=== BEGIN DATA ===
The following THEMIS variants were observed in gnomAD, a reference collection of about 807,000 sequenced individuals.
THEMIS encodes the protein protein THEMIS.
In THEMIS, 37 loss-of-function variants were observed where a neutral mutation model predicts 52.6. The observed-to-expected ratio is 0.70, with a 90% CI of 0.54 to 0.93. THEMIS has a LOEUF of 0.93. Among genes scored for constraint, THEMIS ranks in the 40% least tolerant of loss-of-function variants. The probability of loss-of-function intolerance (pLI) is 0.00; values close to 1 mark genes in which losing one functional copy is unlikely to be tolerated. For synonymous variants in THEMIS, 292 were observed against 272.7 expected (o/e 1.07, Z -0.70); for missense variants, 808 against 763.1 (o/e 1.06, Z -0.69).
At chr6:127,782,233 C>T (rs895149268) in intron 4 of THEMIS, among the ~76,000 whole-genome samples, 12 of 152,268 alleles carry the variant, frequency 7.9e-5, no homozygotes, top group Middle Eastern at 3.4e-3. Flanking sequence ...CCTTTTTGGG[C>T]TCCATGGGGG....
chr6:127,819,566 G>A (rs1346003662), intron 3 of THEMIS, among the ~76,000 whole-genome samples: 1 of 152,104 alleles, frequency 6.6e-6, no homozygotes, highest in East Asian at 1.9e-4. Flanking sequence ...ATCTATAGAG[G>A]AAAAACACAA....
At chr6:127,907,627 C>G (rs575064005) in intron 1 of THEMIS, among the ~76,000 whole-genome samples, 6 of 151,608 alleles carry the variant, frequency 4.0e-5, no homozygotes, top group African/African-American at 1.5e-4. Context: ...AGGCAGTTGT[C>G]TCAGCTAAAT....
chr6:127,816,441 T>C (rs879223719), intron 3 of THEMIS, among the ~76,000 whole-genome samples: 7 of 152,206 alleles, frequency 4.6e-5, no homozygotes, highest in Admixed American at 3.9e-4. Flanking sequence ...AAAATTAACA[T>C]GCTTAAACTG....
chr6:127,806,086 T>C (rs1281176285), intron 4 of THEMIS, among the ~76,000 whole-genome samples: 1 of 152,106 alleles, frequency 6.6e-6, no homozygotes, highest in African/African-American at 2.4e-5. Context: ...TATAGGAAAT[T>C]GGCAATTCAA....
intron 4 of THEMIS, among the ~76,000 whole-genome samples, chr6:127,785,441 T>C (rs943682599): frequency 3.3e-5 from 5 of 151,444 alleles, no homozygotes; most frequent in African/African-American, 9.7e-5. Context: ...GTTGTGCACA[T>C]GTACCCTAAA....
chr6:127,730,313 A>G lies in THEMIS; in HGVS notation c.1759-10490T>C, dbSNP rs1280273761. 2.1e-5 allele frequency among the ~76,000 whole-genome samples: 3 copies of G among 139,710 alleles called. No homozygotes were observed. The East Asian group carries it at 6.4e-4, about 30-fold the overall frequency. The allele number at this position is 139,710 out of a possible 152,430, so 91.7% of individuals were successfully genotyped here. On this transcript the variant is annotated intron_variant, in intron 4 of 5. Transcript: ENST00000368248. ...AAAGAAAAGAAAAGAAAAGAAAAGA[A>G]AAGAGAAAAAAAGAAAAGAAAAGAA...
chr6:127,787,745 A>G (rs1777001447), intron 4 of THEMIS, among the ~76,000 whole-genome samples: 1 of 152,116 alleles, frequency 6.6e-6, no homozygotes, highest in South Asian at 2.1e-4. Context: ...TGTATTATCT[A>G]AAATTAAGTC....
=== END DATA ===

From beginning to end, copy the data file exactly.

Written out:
The following THEMIS variants were observed in gnomAD, a reference collection of about 807,000 sequenced individuals.
THEMIS encodes the protein protein THEMIS.
In THEMIS, 37 loss-of-function variants were observed where a neutral mutation model predicts 52.6. The observed-to-expected ratio is 0.70, with a 90% CI of 0.54 to 0.93. THEMIS has a LOEUF of 0.93. Among genes scored for constraint, THEMIS ranks in the 40% least tolerant of loss-of-function variants. The probability of loss-of-function intolerance (pLI) is 0.00; values close to 1 mark genes in which losing one functional copy is unlikely to be tolerated. For synonymous variants in THEMIS, 292 were observed against 272.7 expected (o/e 1.07, Z -0.70); for missense variants, 808 against 763.1 (o/e 1.06, Z -0.69).
At chr6:127,782,233 C>T (rs895149268) in intron 4 of THEMIS, among the ~76,000 whole-genome samples, 12 of 152,268 alleles carry the variant, frequency 7.9e-5, no homozygotes, top group Middle Eastern at 3.4e-3. Flanking sequence ...CCTTTTTGGG[C>T]TCCATGGGGG....
chr6:127,819,566 G>A (rs1346003662), intron 3 of THEMIS, among the ~76,000 whole-genome samples: 1 of 152,104 alleles, frequency 6.6e-6, no homozygotes, highest in East Asian at 1.9e-4. Flanking sequence ...ATCTATAGAG[G>A]AAAAACACAA....
At chr6:127,907,627 C>G (rs575064005) in intron 1 of THEMIS, among the ~76,000 whole-genome samples, 6 of 151,608 alleles carry the variant, frequency 4.0e-5, no homozygotes, top group African/African-American at 1.5e-4. Context: ...AGGCAGTTGT[C>G]TCAGCTAAAT....
chr6:127,816,441 T>C (rs879223719), intron 3 of THEMIS, among the ~76,000 whole-genome samples: 7 of 152,206 alleles, frequency 4.6e-5, no homozygotes, highest in Admixed American at 3.9e-4. Flanking sequence ...AAAATTAACA[T>C]GCTTAAACTG....
chr6:127,806,086 T>C (rs1281176285), intron 4 of THEMIS, among the ~76,000 whole-genome samples: 1 of 152,106 alleles, frequency 6.6e-6, no homozygotes, highest in African/African-American at 2.4e-5. Context: ...TATAGGAAAT[T>C]GGCAATTCAA....
intron 4 of THEMIS, among the ~76,000 whole-genome samples, chr6:127,785,441 T>C (rs943682599): frequency 3.3e-5 from 5 of 151,444 alleles, no homozygotes; most frequent in African/African-American, 9.7e-5. Context: ...GTTGTGCACA[T>C]GTACCCTAAA....
chr6:127,730,313 A>G lies in THEMIS; in HGVS notation c.1759-10490T>C, dbSNP rs1280273761. 2.1e-5 allele frequency among the ~76,000 whole-genome samples: 3 copies of G among 139,710 alleles called. No homozygotes were observed. The East Asian group carries it at 6.4e-4, about 30-fold the overall frequency. The allele number at this position is 139,710 out of a possible 152,430, so 91.7% of individuals were successfully genotyped here. On this transcript the variant is annotated intron_variant, in intron 4 of 5. Transcript: ENST00000368248. ...AAAGAAAAGAAAAGAAAAGAAAAGA[A>G]AAGAGAAAAAAAGAAAAGAAAAGAA...
chr6:127,787,745 A>G (rs1777001447), intron 4 of THEMIS, among the ~76,000 whole-genome samples: 1 of 152,116 alleles, frequency 6.6e-6, no homozygotes, highest in South Asian at 2.1e-4. Context: ...TGTATTATCT[A>G]AAATTAAGTC....